Oracle’s decision to open its copyright trial against Google by letting jurors compare CEO Larry Ellison and Google CEO Larry Page may have been a better opening move than a Queen’s Gambit in chess.
Page rarely looked directly at his inquisitor, Oracle lawyer David Boies, and repeatedly failed to give direct answers to questions, requiring Judge William Alsup to step in a few times.
Oracle wants Google to pay $1 billion in alleged infringement of copyrights and patents on Java, which was created by Sun Microsystems in the 1990s. Oracle bought Sun and with it, the valuable Java technology in 2010.
Android software is used in millions of smart phones and tablet computers.
Page did insist Google “did nothing wrong” when it used Java’s software technology to create Android for mobile devices. He said “we were very careful about what information we used and what we did not use.”
During one exchange in the packed courtroom Page couldn’t recall if Google ever negotiated a license for Java, a major topic throughout the case.
“I think everything is copyrighted by default, but I’m not sure,” he said.
By contrast, Ellison’s testimony to open the case was relaxed and polished and though he got a little testy under Robert Van Nest’s cross examination, he made points Oracle wanted to make.
Ellison testified Tuesday that he tried and failed to convince former Google CEO Eric Schmidt and later Page to partner with him to use Java to make a smart phone.
Although Page said Wednesday, when asked if he was in on the decision to break off negotiations with Oracle over Java: “I’m not sure we’ve ever broken off. I think we still continue to have discussions to this day.”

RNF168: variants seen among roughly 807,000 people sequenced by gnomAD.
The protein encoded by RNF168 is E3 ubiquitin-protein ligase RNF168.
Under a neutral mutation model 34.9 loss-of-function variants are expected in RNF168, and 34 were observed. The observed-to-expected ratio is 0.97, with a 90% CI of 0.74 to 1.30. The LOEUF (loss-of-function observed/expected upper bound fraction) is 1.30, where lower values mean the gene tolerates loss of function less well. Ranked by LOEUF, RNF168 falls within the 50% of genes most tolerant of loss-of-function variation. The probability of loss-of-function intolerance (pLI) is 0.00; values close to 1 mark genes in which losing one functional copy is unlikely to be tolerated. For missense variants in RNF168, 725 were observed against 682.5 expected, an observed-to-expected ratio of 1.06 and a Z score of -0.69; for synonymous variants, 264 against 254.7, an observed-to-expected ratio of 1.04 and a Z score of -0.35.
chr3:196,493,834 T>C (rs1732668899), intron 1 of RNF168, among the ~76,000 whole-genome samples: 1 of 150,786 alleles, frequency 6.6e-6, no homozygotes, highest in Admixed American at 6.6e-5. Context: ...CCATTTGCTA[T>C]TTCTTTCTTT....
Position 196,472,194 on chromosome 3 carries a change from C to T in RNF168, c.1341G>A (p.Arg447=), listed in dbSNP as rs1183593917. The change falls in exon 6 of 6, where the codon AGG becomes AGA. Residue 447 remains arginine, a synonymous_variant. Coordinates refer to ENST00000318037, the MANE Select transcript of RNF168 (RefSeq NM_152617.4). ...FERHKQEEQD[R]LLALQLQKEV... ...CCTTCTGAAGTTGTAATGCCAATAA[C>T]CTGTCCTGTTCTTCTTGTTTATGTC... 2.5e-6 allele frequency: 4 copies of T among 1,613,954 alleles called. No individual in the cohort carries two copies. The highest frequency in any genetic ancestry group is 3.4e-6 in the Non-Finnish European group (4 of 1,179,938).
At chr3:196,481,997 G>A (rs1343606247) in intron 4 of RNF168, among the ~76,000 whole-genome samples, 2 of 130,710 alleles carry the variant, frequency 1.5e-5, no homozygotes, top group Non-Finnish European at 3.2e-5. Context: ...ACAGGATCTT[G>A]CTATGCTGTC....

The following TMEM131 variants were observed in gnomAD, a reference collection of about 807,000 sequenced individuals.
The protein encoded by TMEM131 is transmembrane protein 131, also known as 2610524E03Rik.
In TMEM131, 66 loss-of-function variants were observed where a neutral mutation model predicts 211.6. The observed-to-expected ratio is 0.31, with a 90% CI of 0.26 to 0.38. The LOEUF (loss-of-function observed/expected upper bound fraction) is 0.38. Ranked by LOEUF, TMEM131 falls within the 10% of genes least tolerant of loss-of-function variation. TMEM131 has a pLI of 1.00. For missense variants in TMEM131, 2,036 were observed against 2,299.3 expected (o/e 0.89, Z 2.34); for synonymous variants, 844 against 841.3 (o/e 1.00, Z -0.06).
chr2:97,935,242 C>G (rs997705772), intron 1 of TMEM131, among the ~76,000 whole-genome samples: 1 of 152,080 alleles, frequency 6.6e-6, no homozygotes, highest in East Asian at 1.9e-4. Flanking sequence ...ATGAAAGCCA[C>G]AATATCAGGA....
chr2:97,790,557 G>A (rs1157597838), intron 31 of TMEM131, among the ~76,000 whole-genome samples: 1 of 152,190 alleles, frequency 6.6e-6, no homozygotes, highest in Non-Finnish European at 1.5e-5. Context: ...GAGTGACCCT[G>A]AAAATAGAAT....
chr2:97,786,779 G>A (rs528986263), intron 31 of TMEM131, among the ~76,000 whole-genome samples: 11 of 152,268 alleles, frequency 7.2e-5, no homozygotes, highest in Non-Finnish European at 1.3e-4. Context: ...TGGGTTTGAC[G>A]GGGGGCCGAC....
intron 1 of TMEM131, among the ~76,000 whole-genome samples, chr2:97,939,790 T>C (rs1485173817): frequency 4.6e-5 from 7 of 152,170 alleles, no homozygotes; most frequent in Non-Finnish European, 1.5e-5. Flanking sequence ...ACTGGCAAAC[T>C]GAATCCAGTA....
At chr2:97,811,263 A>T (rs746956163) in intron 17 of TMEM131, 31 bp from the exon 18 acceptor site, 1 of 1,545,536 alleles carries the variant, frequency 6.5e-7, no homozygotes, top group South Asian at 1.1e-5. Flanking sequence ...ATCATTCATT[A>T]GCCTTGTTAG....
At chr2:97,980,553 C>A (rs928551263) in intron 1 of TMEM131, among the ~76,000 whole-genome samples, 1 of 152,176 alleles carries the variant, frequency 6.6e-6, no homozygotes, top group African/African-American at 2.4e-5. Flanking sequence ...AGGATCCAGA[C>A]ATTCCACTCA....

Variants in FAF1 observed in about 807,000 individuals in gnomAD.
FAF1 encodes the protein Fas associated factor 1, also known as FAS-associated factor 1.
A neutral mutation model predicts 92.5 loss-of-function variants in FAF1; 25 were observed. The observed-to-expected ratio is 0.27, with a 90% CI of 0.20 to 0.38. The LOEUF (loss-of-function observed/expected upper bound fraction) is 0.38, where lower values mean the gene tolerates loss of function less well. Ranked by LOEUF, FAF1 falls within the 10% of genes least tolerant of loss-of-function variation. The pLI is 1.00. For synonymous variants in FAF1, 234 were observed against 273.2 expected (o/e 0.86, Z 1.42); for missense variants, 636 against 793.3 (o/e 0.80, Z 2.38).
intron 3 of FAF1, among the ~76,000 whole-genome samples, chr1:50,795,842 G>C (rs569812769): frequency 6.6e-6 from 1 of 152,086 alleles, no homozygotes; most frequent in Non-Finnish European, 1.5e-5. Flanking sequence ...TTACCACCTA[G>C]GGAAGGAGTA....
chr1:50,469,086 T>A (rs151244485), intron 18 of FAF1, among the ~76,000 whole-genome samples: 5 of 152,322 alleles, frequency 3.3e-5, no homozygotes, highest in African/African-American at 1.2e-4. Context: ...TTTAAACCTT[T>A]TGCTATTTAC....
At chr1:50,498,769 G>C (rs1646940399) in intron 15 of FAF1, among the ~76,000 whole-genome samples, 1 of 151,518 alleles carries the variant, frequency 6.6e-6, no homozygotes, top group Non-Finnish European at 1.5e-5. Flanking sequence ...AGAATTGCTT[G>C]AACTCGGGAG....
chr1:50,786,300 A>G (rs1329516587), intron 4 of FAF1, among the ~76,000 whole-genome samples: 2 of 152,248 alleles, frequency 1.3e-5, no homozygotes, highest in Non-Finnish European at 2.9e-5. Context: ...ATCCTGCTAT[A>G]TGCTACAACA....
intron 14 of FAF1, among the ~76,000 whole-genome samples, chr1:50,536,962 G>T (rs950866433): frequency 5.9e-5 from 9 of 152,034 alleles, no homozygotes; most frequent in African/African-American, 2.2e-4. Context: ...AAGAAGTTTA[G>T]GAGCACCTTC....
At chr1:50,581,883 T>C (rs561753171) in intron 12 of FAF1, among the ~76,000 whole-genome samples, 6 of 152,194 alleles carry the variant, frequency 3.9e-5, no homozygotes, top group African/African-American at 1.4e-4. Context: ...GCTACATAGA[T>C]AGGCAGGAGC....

Boies had a tough time getting even yes or no answers out of Page even when asking if Google has a company policy against copyright violations.
That prompted the response that Google “did nothing wrong” but he finally added he did not know of any policy about that, but that they are “very careful.”
Boies asked about attempts to negotiate a license with Sun in 2005 to use Java software.
Page said he wasn’t aware of the details but he knew negotiations went on for a long time.
“I was a big proponent of Android acquisition,” Page said. He wanted Google to move into the mobile market with a platform that could be used easily on phones for searching and other data uses.
“You believed Android was a critical asset to Google?” Boies asked.
“Android was very important but I would not say it was critical,” Page responded.
The high stakes trial is being followed by a couple dozen reporters, nearly all using laptop computers and delivering stories and headlines direct from the courtroom.
Case: Oracle v. Google, No. C10-3561WHA